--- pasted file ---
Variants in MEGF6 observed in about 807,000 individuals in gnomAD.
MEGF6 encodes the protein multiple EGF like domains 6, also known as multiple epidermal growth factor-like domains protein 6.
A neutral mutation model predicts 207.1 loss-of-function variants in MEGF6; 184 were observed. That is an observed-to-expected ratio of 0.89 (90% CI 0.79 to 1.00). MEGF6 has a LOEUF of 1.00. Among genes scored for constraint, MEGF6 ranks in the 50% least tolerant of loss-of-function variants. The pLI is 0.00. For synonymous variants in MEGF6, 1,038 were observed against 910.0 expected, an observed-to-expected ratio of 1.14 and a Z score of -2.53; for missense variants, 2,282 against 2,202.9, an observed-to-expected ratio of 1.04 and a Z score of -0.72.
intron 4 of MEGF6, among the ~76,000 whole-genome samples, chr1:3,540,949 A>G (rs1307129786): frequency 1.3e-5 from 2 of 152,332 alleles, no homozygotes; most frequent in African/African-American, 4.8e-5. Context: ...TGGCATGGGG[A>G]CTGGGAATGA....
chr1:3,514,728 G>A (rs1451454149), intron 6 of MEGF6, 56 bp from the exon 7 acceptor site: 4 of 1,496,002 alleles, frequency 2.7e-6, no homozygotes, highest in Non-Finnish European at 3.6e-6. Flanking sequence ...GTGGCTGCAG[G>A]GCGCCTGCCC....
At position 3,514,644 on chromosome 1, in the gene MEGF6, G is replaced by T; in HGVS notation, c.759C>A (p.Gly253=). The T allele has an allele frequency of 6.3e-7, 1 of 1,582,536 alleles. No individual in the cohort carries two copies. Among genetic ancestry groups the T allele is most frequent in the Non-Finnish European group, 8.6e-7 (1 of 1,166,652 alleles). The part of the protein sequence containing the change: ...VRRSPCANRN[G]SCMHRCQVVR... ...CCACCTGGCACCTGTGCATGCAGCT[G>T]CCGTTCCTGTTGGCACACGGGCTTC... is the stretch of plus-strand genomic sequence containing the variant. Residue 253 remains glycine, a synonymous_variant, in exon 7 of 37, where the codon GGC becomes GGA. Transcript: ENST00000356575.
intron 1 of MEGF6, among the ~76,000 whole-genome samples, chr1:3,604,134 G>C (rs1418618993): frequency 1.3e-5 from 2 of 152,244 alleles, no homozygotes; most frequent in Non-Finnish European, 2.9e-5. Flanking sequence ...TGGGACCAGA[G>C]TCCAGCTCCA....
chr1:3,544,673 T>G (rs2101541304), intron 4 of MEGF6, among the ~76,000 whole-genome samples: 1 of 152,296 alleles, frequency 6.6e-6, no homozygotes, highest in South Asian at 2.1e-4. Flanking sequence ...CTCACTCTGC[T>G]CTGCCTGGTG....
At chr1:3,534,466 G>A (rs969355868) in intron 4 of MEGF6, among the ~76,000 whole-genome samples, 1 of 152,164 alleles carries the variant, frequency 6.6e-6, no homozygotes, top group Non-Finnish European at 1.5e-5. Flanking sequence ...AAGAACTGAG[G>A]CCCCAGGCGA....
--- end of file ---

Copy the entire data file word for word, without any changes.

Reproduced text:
Variants in MEGF6 observed in about 807,000 individuals in gnomAD.
MEGF6 encodes the protein multiple EGF like domains 6, also known as multiple epidermal growth factor-like domains protein 6.
A neutral mutation model predicts 207.1 loss-of-function variants in MEGF6; 184 were observed. That is an observed-to-expected ratio of 0.89 (90% CI 0.79 to 1.00). MEGF6 has a LOEUF of 1.00. Among genes scored for constraint, MEGF6 ranks in the 50% least tolerant of loss-of-function variants. The pLI is 0.00. For synonymous variants in MEGF6, 1,038 were observed against 910.0 expected, an observed-to-expected ratio of 1.14 and a Z score of -2.53; for missense variants, 2,282 against 2,202.9, an observed-to-expected ratio of 1.04 and a Z score of -0.72.
intron 4 of MEGF6, among the ~76,000 whole-genome samples, chr1:3,540,949 A>G (rs1307129786): frequency 1.3e-5 from 2 of 152,332 alleles, no homozygotes; most frequent in African/African-American, 4.8e-5. Context: ...TGGCATGGGG[A>G]CTGGGAATGA....
chr1:3,514,728 G>A (rs1451454149), intron 6 of MEGF6, 56 bp from the exon 7 acceptor site: 4 of 1,496,002 alleles, frequency 2.7e-6, no homozygotes, highest in Non-Finnish European at 3.6e-6. Flanking sequence ...GTGGCTGCAG[G>A]GCGCCTGCCC....
At position 3,514,644 on chromosome 1, in the gene MEGF6, G is replaced by T; in HGVS notation, c.759C>A (p.Gly253=). The T allele has an allele frequency of 6.3e-7, 1 of 1,582,536 alleles. No individual in the cohort carries two copies. Among genetic ancestry groups the T allele is most frequent in the Non-Finnish European group, 8.6e-7 (1 of 1,166,652 alleles). The part of the protein sequence containing the change: ...VRRSPCANRN[G]SCMHRCQVVR... ...CCACCTGGCACCTGTGCATGCAGCT[G>T]CCGTTCCTGTTGGCACACGGGCTTC... is the stretch of plus-strand genomic sequence containing the variant. Residue 253 remains glycine, a synonymous_variant, in exon 7 of 37, where the codon GGC becomes GGA. Transcript: ENST00000356575.
intron 1 of MEGF6, among the ~76,000 whole-genome samples, chr1:3,604,134 G>C (rs1418618993): frequency 1.3e-5 from 2 of 152,244 alleles, no homozygotes; most frequent in Non-Finnish European, 2.9e-5. Flanking sequence ...TGGGACCAGA[G>C]TCCAGCTCCA....
chr1:3,544,673 T>G (rs2101541304), intron 4 of MEGF6, among the ~76,000 whole-genome samples: 1 of 152,296 alleles, frequency 6.6e-6, no homozygotes, highest in South Asian at 2.1e-4. Flanking sequence ...CTCACTCTGC[T>G]CTGCCTGGTG....
At chr1:3,534,466 G>A (rs969355868) in intron 4 of MEGF6, among the ~76,000 whole-genome samples, 1 of 152,164 alleles carries the variant, frequency 6.6e-6, no homozygotes, top group Non-Finnish European at 1.5e-5. Flanking sequence ...AAGAACTGAG[G>A]CCCCAGGCGA....